Zesco, Chinese debt and economic Cold War

Zesco, Chinese debt and economic Cold War

By Alexander Nkosi 

Uwakwensha ubushiku bamutasha lilya bwacha. There is no Zambia for the ruling party and Zambia for the opposition. A better economy is good for all Zambians. It is actually better for the ruling party as it makes politics easier. When debating matters relating to our economy, we have to be objective and factual.

For a country like Zambia, a small ‘dosage’ of borrowing is necessarily if it is going towards investments which will catalyse economic activities, enable us pay back and leave a much better economy. However, debt is not something to be proud of. Debt sustainability should not just be based on calculating debt to GDP ratio, certain economic fundamentals have to be factored in. We have to look at things like: how is the money being invested? what is the economy anchored on? How strong is the industrial and export base? What is our main source of revenue and how strong and reliable is that source? In an event of negative external factors, would we still be able to pay? These are critical questions. This is why it is not wise to compare Zambia’s debt to those countries with a far bigger economy and more solid industrial and export base.

Let’s look at the economic fundamentals surrounding Zambia’s debt. An economy that is growing around 4%. An economy that is still way too dependent on copper as its major export. Copper that is controlled by foreigners where we have very weak negotiation power. Copper whose production we have less influence over. Copper whose current and future prices we do not control. Our drive to diversify the economy is insignificantly worrisome. Verbally, one of the key sectors we want to promote in our drive to diversify the economy is agriculture. However, a close look at our medium term expenditure framework shows a reduction in expenditure towards input support, allocations to FRA. Input support is projected around $150m with allocations to FRA of around $60m per year respectively. Investment in agricultural infrastructure, extension and value addition is insignificant. In 2018, we recorded a 36% reduction in maize production. Two years of poor rainfall would hit us badly. Crop marketing remains a big challenge. There are no significant investments planned for the manufacturing and tourism sectors as well. The loans we have been getting have mostly been going to transport infrastructure. In seven years, this has left our economy worse off despite having better roads, more schools and hospitals. Roads need maintenance and we may have to borrow to maintain most of them even before we pay back. We have perpetual budget deficits, the public wage bill is high. We have a total of $3b euro bonds due 2022, 2024 and 2026. We are already thinking of refinancing the $750m euro bond due in 2022. The country where we hope to strike a refinancing deal with some company also has its own debt crisis raising question over the refinancing terms. We still have the $1b due in 2024 and $1.25b due in 2026. The most likely option will be refinancing. To this burden, we add the huge debt we owe China.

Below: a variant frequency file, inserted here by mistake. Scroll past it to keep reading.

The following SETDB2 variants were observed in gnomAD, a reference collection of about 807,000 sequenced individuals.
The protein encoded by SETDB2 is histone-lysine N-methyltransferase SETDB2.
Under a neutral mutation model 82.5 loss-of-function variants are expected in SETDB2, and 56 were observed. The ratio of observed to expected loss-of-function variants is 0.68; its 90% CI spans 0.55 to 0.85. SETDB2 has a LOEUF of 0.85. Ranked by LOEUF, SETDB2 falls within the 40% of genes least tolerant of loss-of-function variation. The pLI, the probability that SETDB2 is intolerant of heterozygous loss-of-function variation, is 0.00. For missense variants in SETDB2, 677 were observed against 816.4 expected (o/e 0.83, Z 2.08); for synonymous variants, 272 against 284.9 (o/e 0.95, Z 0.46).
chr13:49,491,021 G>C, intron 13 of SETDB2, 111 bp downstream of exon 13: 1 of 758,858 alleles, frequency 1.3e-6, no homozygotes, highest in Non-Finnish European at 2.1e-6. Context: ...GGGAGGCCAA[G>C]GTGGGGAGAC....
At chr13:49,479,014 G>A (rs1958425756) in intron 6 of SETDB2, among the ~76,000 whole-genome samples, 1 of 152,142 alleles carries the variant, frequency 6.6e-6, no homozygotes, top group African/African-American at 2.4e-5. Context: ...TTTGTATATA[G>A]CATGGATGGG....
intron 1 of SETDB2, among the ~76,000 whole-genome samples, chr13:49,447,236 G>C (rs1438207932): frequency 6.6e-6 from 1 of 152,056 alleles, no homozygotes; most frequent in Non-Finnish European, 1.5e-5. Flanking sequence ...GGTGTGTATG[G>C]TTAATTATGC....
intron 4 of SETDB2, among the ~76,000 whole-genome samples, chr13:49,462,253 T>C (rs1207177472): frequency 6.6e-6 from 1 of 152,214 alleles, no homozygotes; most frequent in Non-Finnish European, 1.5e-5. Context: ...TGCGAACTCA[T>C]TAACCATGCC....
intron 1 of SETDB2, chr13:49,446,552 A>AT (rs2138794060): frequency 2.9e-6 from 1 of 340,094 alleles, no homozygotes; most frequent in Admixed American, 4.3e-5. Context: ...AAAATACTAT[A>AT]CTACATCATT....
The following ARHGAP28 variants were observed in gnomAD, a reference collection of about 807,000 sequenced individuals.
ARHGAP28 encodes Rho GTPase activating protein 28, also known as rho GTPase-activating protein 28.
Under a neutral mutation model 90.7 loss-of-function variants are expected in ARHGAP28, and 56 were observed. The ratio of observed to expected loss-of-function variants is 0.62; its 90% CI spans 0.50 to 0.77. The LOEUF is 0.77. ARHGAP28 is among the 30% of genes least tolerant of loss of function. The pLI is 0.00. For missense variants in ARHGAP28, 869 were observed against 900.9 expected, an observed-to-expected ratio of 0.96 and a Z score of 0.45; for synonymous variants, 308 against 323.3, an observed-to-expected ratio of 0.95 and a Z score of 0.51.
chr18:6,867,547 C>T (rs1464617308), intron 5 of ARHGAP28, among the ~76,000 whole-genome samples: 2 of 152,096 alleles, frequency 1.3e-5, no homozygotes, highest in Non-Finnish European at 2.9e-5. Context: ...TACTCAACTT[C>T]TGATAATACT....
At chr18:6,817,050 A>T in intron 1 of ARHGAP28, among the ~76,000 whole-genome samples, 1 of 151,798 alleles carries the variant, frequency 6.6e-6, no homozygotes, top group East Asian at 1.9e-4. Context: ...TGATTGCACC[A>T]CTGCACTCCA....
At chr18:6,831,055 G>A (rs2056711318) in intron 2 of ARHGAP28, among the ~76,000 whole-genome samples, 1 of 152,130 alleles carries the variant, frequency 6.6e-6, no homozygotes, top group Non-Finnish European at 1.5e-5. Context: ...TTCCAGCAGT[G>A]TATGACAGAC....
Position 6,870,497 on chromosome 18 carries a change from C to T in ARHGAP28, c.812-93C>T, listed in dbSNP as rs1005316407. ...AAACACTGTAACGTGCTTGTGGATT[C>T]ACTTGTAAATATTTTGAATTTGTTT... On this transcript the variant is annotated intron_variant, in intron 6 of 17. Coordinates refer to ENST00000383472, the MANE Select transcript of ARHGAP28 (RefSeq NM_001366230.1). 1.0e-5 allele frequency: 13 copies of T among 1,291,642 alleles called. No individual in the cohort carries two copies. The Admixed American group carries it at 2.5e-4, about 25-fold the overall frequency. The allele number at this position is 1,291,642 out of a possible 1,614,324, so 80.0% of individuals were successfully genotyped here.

Given this background, the big question is where will money to pay back our debt come from? We have not demonstrated enough ambition to grow our economy and we still remain so susceptible to external shocks. If we cannot clearly point out how we are going to raise money to pay back, even a debt half the current amount should be a source of concern to us. So I do not understand how debt and arrears of $15b should not be a source of concern.

I want to believe that ZESCO is not yet sold. However the concern raised by some sections of society is that the company is in the process of procuring a big loan on top of the $750m Kafue gorge hydroelectricity project loan. We know the company has not been running efficiently. We know it badly needs funds to do proper maintenance, upgrading and new investment to keep pace with increasing electricity needs. We know government has bigger problems which makes it difficulty to give the company the financial push it needs. With the current economic pressure, we may actually be getting something from the company. Given this background and the ‘raining loans’ in China, would ZESCO just watch from a distance as ESKOM borrows $2.5b? The possibility of borrowing is high and lack of sufficient clarification from the right government officials to dispel these rumours in a qualified way is not helping the situation. It is not enough to say China has not taken over ZESCO. Give more details: are we negotiating for a loan with China? If not, then give us a solid strategic and financing plan for the company proving it is not looking up to China for funding. Does the company have a solid plan to repay the $750m?

Let’s discuss this.

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